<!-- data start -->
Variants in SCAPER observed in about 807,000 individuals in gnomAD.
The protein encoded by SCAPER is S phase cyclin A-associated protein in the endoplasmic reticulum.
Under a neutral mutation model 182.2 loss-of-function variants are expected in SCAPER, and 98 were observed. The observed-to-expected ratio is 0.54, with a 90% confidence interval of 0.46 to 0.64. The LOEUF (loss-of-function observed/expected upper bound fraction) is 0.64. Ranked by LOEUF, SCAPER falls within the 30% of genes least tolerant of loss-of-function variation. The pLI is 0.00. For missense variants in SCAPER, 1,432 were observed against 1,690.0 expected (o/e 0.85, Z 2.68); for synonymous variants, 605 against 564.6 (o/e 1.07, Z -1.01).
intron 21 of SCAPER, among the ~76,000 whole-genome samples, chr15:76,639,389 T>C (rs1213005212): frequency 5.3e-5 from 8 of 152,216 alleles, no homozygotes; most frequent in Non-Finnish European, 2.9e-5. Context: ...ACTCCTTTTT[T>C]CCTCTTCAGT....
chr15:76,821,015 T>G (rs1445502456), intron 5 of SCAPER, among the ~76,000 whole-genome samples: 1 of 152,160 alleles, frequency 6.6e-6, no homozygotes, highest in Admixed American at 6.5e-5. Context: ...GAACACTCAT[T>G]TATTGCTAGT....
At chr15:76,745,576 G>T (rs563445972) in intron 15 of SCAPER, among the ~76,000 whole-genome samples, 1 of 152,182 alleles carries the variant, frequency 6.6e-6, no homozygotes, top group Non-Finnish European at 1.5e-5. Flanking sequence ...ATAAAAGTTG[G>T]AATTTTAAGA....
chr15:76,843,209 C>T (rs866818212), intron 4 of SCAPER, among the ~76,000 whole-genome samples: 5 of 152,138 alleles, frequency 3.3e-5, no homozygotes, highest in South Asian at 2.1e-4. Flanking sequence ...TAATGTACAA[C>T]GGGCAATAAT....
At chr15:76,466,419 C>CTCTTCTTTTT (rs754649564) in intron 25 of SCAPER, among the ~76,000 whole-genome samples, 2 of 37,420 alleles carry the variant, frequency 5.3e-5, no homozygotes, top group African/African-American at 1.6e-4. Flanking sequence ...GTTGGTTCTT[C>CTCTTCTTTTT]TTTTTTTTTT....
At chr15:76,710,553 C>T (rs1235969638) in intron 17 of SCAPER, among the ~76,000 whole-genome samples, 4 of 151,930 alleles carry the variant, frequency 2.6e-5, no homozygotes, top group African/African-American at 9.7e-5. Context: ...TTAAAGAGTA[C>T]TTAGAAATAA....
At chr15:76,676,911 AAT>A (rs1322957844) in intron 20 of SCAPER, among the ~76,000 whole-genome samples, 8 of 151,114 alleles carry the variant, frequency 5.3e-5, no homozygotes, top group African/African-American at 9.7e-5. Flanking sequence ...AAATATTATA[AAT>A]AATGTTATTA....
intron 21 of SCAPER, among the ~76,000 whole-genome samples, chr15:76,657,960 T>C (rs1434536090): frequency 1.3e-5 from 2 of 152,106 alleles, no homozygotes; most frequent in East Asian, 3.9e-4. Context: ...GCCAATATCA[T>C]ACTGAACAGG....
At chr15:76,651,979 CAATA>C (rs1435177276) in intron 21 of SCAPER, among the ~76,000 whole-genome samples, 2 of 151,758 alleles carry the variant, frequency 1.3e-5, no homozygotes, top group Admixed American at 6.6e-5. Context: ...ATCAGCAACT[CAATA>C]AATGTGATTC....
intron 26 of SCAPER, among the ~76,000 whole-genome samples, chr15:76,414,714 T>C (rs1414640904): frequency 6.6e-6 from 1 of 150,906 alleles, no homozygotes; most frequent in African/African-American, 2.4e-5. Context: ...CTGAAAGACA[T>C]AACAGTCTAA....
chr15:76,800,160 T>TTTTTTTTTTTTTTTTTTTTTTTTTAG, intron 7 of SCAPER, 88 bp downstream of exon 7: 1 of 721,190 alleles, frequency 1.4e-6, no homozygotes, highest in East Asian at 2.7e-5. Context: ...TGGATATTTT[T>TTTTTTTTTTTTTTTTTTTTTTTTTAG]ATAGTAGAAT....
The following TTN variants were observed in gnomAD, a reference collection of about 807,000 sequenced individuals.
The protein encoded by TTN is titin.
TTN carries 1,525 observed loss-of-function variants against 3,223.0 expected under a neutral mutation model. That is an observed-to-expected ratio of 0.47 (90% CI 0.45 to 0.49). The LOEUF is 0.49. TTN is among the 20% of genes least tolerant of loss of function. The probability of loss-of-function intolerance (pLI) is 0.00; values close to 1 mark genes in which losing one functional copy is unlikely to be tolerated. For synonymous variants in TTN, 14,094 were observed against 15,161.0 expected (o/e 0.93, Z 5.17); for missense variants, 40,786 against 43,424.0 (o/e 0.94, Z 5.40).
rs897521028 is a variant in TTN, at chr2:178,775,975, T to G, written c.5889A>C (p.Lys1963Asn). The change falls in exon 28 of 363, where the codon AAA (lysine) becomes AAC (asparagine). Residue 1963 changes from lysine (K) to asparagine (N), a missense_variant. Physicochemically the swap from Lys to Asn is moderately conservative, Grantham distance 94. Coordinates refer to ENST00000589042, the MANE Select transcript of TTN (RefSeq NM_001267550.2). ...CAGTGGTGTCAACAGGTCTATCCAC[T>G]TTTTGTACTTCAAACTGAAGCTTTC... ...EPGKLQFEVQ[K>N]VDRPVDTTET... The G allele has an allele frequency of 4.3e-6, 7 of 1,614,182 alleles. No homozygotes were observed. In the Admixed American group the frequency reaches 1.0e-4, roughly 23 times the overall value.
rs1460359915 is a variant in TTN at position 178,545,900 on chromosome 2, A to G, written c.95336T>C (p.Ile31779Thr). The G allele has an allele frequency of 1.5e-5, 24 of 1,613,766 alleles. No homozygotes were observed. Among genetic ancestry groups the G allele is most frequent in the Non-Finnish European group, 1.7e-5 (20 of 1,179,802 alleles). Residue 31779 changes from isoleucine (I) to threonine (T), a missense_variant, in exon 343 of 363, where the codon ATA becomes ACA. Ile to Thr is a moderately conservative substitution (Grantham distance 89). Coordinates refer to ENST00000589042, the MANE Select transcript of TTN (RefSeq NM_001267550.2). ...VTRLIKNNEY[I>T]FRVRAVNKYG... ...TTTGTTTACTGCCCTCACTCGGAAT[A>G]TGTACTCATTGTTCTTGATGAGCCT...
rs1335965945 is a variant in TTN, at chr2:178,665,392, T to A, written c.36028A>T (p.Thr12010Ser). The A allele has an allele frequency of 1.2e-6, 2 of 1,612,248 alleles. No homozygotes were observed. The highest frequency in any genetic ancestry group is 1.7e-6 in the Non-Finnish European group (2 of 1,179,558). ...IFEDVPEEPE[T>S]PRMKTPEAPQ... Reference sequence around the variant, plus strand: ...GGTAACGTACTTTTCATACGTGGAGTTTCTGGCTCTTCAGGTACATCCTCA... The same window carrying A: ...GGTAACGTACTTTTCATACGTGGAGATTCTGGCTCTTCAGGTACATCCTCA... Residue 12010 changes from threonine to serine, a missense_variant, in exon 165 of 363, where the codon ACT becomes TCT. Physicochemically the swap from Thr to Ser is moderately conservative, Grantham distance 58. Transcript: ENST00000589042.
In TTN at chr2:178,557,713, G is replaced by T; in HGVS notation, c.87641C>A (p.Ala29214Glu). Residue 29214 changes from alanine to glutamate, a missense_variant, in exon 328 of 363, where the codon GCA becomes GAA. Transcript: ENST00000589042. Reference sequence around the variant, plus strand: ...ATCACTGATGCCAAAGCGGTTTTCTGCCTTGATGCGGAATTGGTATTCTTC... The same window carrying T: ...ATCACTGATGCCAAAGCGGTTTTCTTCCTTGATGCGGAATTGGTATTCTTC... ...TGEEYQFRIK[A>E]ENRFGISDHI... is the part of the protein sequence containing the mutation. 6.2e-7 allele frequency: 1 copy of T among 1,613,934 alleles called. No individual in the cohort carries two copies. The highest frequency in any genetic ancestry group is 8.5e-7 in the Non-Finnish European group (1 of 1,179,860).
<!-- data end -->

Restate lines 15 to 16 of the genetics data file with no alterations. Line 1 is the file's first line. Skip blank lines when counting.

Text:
The following TTN variants were observed in gnomAD, a reference collection of about 807,000 sequenced individuals.
The protein encoded by TTN is titin.